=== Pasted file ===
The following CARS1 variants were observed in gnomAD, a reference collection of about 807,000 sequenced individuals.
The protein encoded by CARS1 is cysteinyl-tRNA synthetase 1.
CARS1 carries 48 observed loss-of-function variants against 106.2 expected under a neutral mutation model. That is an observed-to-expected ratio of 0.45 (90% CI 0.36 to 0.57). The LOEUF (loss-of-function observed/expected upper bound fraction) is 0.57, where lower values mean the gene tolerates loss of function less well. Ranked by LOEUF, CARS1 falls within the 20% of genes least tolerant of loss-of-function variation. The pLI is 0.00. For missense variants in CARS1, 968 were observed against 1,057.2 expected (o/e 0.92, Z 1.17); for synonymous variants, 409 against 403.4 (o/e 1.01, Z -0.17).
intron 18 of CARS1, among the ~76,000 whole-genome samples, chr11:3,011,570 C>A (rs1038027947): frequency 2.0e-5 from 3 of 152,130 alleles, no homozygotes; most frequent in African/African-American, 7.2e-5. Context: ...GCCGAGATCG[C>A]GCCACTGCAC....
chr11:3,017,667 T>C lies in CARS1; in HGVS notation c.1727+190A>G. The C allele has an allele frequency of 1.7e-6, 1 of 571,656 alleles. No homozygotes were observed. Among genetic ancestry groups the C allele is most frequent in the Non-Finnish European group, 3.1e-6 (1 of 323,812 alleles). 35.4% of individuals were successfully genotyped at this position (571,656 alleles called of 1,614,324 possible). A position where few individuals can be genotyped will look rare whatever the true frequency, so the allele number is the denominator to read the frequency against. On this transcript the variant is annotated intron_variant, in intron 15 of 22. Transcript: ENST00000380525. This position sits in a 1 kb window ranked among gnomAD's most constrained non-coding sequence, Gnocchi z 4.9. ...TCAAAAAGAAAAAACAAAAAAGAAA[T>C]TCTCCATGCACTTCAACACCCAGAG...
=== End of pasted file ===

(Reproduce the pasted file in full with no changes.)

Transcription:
The following CARS1 variants were observed in gnomAD, a reference collection of about 807,000 sequenced individuals.
The protein encoded by CARS1 is cysteinyl-tRNA synthetase 1.
CARS1 carries 48 observed loss-of-function variants against 106.2 expected under a neutral mutation model. That is an observed-to-expected ratio of 0.45 (90% CI 0.36 to 0.57). The LOEUF (loss-of-function observed/expected upper bound fraction) is 0.57, where lower values mean the gene tolerates loss of function less well. Ranked by LOEUF, CARS1 falls within the 20% of genes least tolerant of loss-of-function variation. The pLI is 0.00. For missense variants in CARS1, 968 were observed against 1,057.2 expected (o/e 0.92, Z 1.17); for synonymous variants, 409 against 403.4 (o/e 1.01, Z -0.17).
intron 18 of CARS1, among the ~76,000 whole-genome samples, chr11:3,011,570 C>A (rs1038027947): frequency 2.0e-5 from 3 of 152,130 alleles, no homozygotes; most frequent in African/African-American, 7.2e-5. Context: ...GCCGAGATCG[C>A]GCCACTGCAC....
chr11:3,017,667 T>C lies in CARS1; in HGVS notation c.1727+190A>G. The C allele has an allele frequency of 1.7e-6, 1 of 571,656 alleles. No homozygotes were observed. Among genetic ancestry groups the C allele is most frequent in the Non-Finnish European group, 3.1e-6 (1 of 323,812 alleles). 35.4% of individuals were successfully genotyped at this position (571,656 alleles called of 1,614,324 possible). A position where few individuals can be genotyped will look rare whatever the true frequency, so the allele number is the denominator to read the frequency against. On this transcript the variant is annotated intron_variant, in intron 15 of 22. Transcript: ENST00000380525. This position sits in a 1 kb window ranked among gnomAD's most constrained non-coding sequence, Gnocchi z 4.9. ...TCAAAAAGAAAAAACAAAAAAGAAA[T>C]TCTCCATGCACTTCAACACCCAGAG...